4. Remind yourself age is only a number
It might seem hard to remind yourself that you’re only as old as you feel, but if you’re able to keep yourself feeling young your brain could massively thank you. A study has shown that those who feel younger than they are actually show fewer age-related brain changes than those who feel their age or older.
So how should you go about feeling younger? Changing your mindset can be a great start. Instead of thinking you’re too old for something (be it a sport or social event), ask yourself if that’s really true or simply a knee jerk reaction. Surround yourself with younger people and take up some form of regular exercise – in fact the two might go hand in hand.
5. Keep the mind and the body active
It’s an oldie but still very much a goodie — exercise benefits the body and mind at all stages in life, but it’s particularly helpful to older adults. A 2018 study found that those who exercised for two hours per week over a six month period showed improved cognitive function — essentially turning back the clock on brain aging!
And thankfully there’s no need to start running ultra-marathons to see a change, regular walking will help just as much as more intense exercising. Frequently taking part in exercises such as yoga, strength training, tai-chi, walking and dancing all help improve brain health, proving there’s bound to be an activity everyone can enjoy and gain from.
6. Help others and help yourself
While retirement can feel like it’s the time to take care of number one, there’s something to be said for using part of your free time to help others. Not to mention the fact that science says it could also help you.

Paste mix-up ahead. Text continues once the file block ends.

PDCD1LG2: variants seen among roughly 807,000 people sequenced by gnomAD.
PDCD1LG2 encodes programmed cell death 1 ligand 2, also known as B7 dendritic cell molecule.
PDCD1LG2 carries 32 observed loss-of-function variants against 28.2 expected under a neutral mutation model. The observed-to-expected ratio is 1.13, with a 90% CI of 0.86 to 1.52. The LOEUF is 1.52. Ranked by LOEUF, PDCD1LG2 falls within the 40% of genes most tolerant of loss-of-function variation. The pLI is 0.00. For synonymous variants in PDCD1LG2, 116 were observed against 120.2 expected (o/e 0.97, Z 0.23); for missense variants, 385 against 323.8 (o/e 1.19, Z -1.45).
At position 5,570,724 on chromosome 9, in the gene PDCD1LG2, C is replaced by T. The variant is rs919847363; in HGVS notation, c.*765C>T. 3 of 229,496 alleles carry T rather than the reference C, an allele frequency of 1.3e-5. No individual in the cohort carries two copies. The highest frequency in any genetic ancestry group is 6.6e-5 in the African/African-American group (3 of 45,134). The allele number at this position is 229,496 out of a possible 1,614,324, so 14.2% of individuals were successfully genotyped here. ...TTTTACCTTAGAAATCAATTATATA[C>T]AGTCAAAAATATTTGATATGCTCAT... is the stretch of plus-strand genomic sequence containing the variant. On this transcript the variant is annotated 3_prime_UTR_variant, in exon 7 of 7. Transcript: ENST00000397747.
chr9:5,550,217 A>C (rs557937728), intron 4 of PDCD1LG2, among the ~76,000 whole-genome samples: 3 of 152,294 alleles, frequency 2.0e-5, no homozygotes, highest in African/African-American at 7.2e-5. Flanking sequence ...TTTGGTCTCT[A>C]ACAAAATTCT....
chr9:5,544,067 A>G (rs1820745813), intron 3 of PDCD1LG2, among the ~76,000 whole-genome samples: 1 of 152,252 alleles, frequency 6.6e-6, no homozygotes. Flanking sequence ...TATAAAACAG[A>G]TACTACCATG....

A recent study tracked 1,001 Swedish retirees over a five-year period and found those who volunteered for at least one hour per week were 2.44 times less likely to develop memory difficulties compared to the retirees who didn’t. Volunteering offers structure to your day or week, a chance to socialise and the feeling of making a contribution to society. Consider volunteering for just one day a week – your brain health will benefit long term!
7. Mind your diet, help your brain health
You only get out what you put in – something applicable to success in life and with your body! Over the years you’re bound to have encountered certain foods that make your body feel sluggish or unwell and it can have the same effect on your brain.
While we’d never encourage denying yourself treats, making sure your diet is largely made up food that nourishes your grey matter is key. Eating a diet with vegetables, nuts, and unsaturated fats such as avocados and olive oil are great way to keep up your body and brain health. In terms of healthy meats, fish is particularly good for keeping you sharp thanks to an omega-3 fatty acid called DHA. Eating fish long-term can help keep brain and nervous system tissues healthy, stave off cognitive decline and improve memory!